A generic version of the widely-used Liptor anti-cholesterol drug is being recalled because the pills are full of "glass particles," which we guess is a bad thing? People take so many pills!
And you know how the generics are always a lot cheaper, and who cares because it's not like the brand of the medicine is something you care about? Well, one reason these particular pills are cheaper is because they come from some sketchy factory in India—far away from the U.S. Food and Drug Administration, which does a pretty lousy job of protecting the food and medicine supply right here in the United States. For instance, one of the worst recent cases was an incredibly disgusting and filthy Children's Tylenol factory where "undocumented bacteria was living in the vats of drug ingredients" in Philadelphia.
Ranbaxy Pharmaceuticals Inc. has recalled dozens of lots of its generic version of cholesterol drug Lipitor because some may contain tiny glass particles, the latest in a string of manufacturing deficiencies that once led U.S. regulators to bar imports of the Indian company's medicines.
Americans take so many prescription drugs. It is kind of amazing that we, as a people, can live for nearly a hundred years on a diet of Costco ribs and 2-liter bottles of corn syrup, all because we ingest a staggering amount of pills from the age of 28 or so until we are finally dead, seven decades later. For example, most Americans are high on "synthetic heroin," right now.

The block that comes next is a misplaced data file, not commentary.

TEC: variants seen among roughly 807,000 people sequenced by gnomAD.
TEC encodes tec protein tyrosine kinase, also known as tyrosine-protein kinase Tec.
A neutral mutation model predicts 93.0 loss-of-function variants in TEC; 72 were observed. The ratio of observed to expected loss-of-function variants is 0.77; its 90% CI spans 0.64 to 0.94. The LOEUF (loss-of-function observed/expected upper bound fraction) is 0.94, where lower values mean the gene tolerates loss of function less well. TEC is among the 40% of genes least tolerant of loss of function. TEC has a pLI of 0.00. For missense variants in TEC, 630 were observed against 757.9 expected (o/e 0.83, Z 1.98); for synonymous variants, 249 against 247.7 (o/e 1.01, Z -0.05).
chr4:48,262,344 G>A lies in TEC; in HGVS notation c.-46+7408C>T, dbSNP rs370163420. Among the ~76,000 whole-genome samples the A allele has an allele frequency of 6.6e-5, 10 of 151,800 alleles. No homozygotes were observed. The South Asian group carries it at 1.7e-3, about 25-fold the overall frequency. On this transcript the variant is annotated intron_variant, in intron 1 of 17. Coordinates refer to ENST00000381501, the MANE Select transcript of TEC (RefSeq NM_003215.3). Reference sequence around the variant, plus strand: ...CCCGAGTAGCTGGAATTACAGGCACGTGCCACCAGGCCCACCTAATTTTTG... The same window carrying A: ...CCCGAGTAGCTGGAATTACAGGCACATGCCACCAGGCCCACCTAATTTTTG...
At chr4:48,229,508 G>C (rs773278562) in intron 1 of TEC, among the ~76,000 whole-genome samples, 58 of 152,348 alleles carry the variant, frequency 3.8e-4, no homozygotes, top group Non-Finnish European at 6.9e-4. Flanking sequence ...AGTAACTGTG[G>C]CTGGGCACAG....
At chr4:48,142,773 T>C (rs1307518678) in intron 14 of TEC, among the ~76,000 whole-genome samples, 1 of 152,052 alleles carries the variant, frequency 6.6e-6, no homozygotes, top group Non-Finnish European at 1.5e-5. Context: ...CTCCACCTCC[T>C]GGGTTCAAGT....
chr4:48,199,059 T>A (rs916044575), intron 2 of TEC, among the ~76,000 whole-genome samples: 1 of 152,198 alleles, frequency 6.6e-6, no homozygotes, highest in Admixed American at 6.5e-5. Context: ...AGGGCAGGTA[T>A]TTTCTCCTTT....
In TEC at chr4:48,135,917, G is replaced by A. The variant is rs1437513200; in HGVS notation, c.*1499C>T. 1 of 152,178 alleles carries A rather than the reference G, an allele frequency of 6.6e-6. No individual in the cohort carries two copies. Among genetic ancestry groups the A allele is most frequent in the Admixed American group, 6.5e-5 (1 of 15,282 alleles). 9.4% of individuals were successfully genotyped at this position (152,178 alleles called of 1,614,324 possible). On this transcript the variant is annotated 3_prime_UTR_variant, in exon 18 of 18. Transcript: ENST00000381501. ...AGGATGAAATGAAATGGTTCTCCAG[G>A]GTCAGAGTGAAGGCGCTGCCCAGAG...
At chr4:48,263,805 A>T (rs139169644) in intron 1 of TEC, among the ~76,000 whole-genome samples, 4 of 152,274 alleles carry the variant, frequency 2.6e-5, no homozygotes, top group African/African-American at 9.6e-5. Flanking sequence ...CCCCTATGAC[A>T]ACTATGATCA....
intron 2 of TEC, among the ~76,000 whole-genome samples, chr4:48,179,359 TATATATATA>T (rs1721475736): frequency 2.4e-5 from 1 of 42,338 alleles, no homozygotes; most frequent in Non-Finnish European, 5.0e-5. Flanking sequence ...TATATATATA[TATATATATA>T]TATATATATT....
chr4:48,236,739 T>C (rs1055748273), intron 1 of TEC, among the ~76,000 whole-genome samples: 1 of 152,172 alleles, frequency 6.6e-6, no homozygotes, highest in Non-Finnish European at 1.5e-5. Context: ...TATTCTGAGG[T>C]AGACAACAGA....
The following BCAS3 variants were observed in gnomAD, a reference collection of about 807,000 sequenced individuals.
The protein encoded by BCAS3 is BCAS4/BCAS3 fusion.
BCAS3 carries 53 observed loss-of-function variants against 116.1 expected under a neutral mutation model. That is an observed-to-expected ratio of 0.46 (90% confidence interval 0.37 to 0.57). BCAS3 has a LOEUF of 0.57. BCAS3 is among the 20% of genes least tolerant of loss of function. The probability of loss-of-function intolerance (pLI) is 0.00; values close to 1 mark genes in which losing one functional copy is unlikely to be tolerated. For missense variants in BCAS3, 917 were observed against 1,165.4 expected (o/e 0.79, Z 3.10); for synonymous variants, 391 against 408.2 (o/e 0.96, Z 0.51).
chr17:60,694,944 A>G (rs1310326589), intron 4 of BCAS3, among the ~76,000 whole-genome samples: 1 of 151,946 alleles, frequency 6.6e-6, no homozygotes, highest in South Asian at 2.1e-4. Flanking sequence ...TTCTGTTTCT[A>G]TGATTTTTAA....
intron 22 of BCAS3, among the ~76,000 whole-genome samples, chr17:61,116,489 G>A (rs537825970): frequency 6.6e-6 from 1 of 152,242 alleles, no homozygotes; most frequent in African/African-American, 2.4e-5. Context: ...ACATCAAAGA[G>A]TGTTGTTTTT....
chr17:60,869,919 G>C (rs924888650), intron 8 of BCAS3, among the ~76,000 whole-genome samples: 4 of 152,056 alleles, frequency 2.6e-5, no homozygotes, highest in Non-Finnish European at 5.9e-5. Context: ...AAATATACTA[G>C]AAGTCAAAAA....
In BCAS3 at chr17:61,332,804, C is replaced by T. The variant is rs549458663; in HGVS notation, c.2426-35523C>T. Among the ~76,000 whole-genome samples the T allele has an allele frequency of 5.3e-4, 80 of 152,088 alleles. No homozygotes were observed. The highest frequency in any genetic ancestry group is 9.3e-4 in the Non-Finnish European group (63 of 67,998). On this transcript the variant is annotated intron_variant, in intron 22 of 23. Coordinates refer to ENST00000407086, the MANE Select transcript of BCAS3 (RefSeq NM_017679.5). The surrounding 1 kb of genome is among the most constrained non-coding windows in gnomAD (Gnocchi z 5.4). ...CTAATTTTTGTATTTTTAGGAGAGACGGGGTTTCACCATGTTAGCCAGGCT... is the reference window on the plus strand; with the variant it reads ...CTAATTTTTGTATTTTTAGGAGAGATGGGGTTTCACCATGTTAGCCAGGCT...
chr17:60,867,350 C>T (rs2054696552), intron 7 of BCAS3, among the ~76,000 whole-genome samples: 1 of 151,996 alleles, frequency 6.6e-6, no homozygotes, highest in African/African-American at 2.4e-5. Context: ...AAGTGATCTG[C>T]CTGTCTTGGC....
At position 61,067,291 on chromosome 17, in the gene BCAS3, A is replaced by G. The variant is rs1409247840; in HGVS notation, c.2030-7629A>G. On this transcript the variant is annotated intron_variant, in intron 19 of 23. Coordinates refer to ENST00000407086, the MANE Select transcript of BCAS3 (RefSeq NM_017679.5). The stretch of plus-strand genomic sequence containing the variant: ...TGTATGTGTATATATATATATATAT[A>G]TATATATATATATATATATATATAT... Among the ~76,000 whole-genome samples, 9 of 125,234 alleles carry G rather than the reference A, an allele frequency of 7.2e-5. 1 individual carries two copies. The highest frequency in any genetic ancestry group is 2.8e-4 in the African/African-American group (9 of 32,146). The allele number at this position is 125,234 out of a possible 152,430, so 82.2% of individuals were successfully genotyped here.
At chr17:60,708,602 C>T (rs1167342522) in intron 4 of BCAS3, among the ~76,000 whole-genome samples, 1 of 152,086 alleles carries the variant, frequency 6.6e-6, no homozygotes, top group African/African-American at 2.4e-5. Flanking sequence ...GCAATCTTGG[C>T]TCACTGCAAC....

The Guardian examined our American appetite for prescription dope, and came up with some appalling information:
Americans make up less than 5% of the global population but consume 80% of the world's supply of opioid prescription pills. Sales of the drugs have increased more than fourfold in the past 10 years, grossing $11 billion annually. To express that figure more personally, in 2010 enough [opioid pills] were handed out by doctors to medicate every American adult with a typical dose of hydrocodone, a pure opioid as powerful as morphine, every four hours for a month.
Is this the "prescription drug benefit" people like John McCain always talk about, when they briefly pop up from a mid-morning nod out?